RENO, Nev. – A four-day Americana auction bursting with more than 3,l00 lots in an array of collecting categories – to include petroliana, aviation, World War II, art, railroadiana, Native Americana, stock certificates, mining, minerals and gold – will be held Oct. 4-7 by Holabird Western Americana Collections. Bid absentee or live online through LiveAuctioneers.
“We’re calling this our fall season second chance auction, because for anyone who missed any of our great 2019 sales, now is their second chance to fill the holes in their collections,” said Fred Holabird of Holabird Western Americana Collections. “Also, we’ve once again devoted a special section to dealers, with specials and great bargains lotted specifically with resellers in mind.”
Day 1, Friday, Oct. 4, will contain 772 lots of textiles, Native Americana, art, music, maps, foreign collectibles, sports, military and aviation, railroadiana, postal history and Wells Fargo. Offered for the first time will be the aviation collection of Robert Wayne Danforth, a dedicated collector of aviation art, books, model airplanes, photos and more.
A sample lot from Day 1 is an artist proof print depicting famed Army aviator ace Jimmy Doolittle leaving the deck of the aircraft carrier USS Hornet to lead a command of 16 B-25 bombers to the Japanese mainland. The artwork (above), by William S. Phillips, is signed by Gen. Doolittle himself and is nicely housed in a 35-by-33-inch frame. It has an estimate of $2,500-$3,500.
Day 2, Saturday, Oct. 5, will comprise 736 lots of marbles, bottles, saloon items, cigar and tobacco, cowboy collectibles, firearms and weaponry, tokens, numismatics (to include coins, currency, dies, medals, so-called dollars and general items), toys, World’s Fair and Expos, political memorabilia, and general and foreign Americana (Australia, Canada and Panama).
Two large capacity Trommner scales will be offered on Day 2, each with an estimate of $10,000-$15,000 and both formerly of the Philadelphia Mint, with capacities of at least 500 pounds. One is from the 1920s or ’30s, while the other is vintage 1947. Either one would make a statement of its owner’s business success and would display nicely in a foyer or large office.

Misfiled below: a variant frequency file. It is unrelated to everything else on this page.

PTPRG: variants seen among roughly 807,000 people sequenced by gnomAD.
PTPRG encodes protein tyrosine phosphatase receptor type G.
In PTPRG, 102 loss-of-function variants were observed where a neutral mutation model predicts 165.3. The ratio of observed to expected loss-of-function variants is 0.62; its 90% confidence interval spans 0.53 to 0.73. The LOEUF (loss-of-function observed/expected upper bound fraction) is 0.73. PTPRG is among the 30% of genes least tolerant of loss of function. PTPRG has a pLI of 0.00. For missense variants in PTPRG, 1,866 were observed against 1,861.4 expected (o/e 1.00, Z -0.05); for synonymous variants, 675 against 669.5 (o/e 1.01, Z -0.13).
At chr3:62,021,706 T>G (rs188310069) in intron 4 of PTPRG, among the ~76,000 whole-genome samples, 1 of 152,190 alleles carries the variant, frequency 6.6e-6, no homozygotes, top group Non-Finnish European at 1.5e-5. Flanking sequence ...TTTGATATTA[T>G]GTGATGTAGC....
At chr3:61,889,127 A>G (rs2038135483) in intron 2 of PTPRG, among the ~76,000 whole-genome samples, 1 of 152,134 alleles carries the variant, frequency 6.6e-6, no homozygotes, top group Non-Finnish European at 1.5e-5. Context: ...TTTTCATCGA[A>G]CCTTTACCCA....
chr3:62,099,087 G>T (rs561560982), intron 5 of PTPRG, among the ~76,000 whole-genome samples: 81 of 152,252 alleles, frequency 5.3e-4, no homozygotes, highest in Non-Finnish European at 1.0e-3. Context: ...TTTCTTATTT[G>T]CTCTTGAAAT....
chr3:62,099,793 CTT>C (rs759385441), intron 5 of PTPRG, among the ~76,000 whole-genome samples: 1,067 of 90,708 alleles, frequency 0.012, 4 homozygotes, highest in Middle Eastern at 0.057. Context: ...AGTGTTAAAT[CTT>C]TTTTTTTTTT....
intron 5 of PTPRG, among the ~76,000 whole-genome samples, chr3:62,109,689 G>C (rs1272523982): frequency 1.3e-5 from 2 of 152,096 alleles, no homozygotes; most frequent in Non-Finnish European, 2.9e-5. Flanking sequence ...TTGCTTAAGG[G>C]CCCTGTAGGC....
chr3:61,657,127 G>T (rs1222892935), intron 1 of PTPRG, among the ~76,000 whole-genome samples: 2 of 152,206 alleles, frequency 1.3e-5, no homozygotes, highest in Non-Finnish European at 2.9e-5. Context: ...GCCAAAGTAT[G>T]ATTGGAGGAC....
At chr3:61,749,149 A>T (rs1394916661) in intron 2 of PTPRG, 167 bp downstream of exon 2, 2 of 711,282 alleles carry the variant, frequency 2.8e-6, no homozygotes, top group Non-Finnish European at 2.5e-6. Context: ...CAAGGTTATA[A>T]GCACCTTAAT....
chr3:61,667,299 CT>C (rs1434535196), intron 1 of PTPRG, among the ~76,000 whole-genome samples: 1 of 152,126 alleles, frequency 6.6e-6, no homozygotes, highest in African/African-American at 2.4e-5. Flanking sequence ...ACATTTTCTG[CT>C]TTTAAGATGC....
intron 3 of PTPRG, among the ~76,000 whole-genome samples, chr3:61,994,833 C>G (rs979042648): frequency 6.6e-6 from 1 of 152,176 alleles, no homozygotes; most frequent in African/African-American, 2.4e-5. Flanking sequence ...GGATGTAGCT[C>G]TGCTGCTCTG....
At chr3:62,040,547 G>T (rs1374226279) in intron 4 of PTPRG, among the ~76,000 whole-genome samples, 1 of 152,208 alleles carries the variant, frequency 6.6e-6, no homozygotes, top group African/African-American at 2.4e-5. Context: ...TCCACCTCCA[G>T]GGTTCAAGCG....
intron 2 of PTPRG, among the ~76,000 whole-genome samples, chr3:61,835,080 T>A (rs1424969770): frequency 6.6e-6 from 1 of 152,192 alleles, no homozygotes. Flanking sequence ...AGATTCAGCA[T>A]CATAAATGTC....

Also up for bid on Day 2 will be a Nevada Short Line/A.A. Dodd bottle, unique to Nevada as it was made of crockery with white glaze, around 1914 (the rail line was short-lived, only running from 1913-1918). Also, it’s larger than the only other known specimen. It should go for $2,000-$5,000.
A rare, two-volume set of Gold Rush-era books titled Personal Adventures in Upper and Lower California in 1848-49 (London, 1851), is expected to reach $1,000-$2,000. It’s subtitled, “With the Author’s Experience at the Mines; Illustrated by Twenty-Three Drawings, taken on the spot.” An 1892-CC Morgan silver dollar with natural toning has an estimate of $800-$1,600.
A large white enamel sign from the Automobile Club of Southern California, circa 1910-1920, 2 feet by 3 feet and showing the mileage from an older country road (no longer in use) to Lida, Big Pine, Goldfield and Tonopah (Nev.), in very good shape for its age, should bring $2,000-$4,000.
Stock certificate offerings on Day 2 will include a possibly unique certificate for the Stockton & Calaveras Gravel Road Co. (Calif.), issued for two shares to Maj. Gen. Patrick Edward Connor on May 12, 1867, with officer signatures (est. $800-$1,000); and another for Pacific Pearl Co. (Panama), a venture that harvested pearls and pearl shells in the Pacific Ocean (est. $3,000-$6,000). The chief engineer, Julius H. Kroehl, actually invented a submarine for the company.
Day 3, Sunday, Oct. 6th, will feature 801 lots of gold, jewelry, minerals, mining (foreign, general and geographically sorted), fossils, collectible spoons and gold rush memorabilia. What could be the auction’s top lot will be offered on Day 3: a Squaw Creek (Haines, Alaska) gold nugget in the shape of a skull (est. $90,000-$105,000).
A colorful lot of cut, polished turquoise from the American West, 100 pieces or more and totaling 170 grams, should realize $3,000-$6,000. Pieces range in size from 2-25mm and have mostly blue hues. Also, a diamond, emerald and gold women’s ring featuring one round 0.35 carat brilliant cut diamond and eight princess-cut natural emeralds, is expected to hit $2,000-$5,000.
W. Rose’s 1878 revised chart of the Comstock & Sutro (Nevada) tunnel areas, showing buildings, locations and the names of the mines, made in 1878, 30½ inches by 39½ inches and in a nice gilt frame, should garner $2,000-$4,000. A circa 1857 stock certificate for the Magnum Bonum Quartz Mining Co. (California), issued to secretary Daniel H. Barney for one share and signed by Barney, carries an estimate of $1,000-$2,000. The company operated in Butte County.
Day 4, Monday, Oct. 7, will have 818 lots of calendars, cameras, fire items, directories, transportation and dealer specials in all categories. A featured lot is the Frontier Gasoline (“Rarin’ to Go”) single-sided porcelain service station sign, 6 feet in diameter, from the 1920s and in excellent condition (est. $7,500-$15,000).
Start times each day are 8 a.m. Pacific time.
Color catalogs are available by calling 1-844-492-2766, or 775-851-1859. For more information call either of those phone numbers or email email@example.com.